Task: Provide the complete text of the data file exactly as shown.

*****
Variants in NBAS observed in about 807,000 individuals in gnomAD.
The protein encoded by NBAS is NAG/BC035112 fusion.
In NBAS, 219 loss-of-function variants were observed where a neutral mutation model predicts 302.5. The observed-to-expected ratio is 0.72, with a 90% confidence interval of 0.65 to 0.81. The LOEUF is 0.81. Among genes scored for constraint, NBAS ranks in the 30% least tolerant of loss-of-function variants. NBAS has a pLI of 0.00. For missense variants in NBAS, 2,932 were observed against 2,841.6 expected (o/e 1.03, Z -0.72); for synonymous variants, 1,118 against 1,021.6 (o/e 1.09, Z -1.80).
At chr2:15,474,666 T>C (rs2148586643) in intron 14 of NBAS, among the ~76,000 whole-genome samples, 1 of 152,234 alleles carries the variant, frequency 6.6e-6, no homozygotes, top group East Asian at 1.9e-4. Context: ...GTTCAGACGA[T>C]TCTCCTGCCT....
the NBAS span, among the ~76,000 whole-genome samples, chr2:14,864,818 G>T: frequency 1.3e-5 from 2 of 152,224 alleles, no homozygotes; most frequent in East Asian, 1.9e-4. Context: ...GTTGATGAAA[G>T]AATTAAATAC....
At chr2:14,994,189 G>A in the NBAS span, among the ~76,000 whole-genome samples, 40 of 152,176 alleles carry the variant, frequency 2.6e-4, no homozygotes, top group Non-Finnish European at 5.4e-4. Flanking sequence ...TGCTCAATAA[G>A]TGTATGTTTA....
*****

Variants in NBAS observed in about 807,000 individuals in gnomAD.
The protein encoded by NBAS is NAG/BC035112 fusion.
In NBAS, 219 loss-of-function variants were observed where a neutral mutation model predicts 302.5. The observed-to-expected ratio is 0.72, with a 90% confidence interval of 0.65 to 0.81. The LOEUF is 0.81. Among genes scored for constraint, NBAS ranks in the 30% least tolerant of loss-of-function variants. NBAS has a pLI of 0.00. For missense variants in NBAS, 2,932 were observed against 2,841.6 expected (o/e 1.03, Z -0.72); for synonymous variants, 1,118 against 1,021.6 (o/e 1.09, Z -1.80).
At chr2:15,474,666 T>C (rs2148586643) in intron 14 of NBAS, among the ~76,000 whole-genome samples, 1 of 152,234 alleles carries the variant, frequency 6.6e-6, no homozygotes, top group East Asian at 1.9e-4. Context: ...GTTCAGACGA[T>C]TCTCCTGCCT....
the NBAS span, among the ~76,000 whole-genome samples, chr2:14,864,818 G>T: frequency 1.3e-5 from 2 of 152,224 alleles, no homozygotes; most frequent in East Asian, 1.9e-4. Context: ...GTTGATGAAA[G>T]AATTAAATAC....
At chr2:14,994,189 G>A in the NBAS span, among the ~76,000 whole-genome samples, 40 of 152,176 alleles carry the variant, frequency 2.6e-4, no homozygotes, top group Non-Finnish European at 5.4e-4. Flanking sequence ...TGCTCAATAA[G>A]TGTATGTTTA....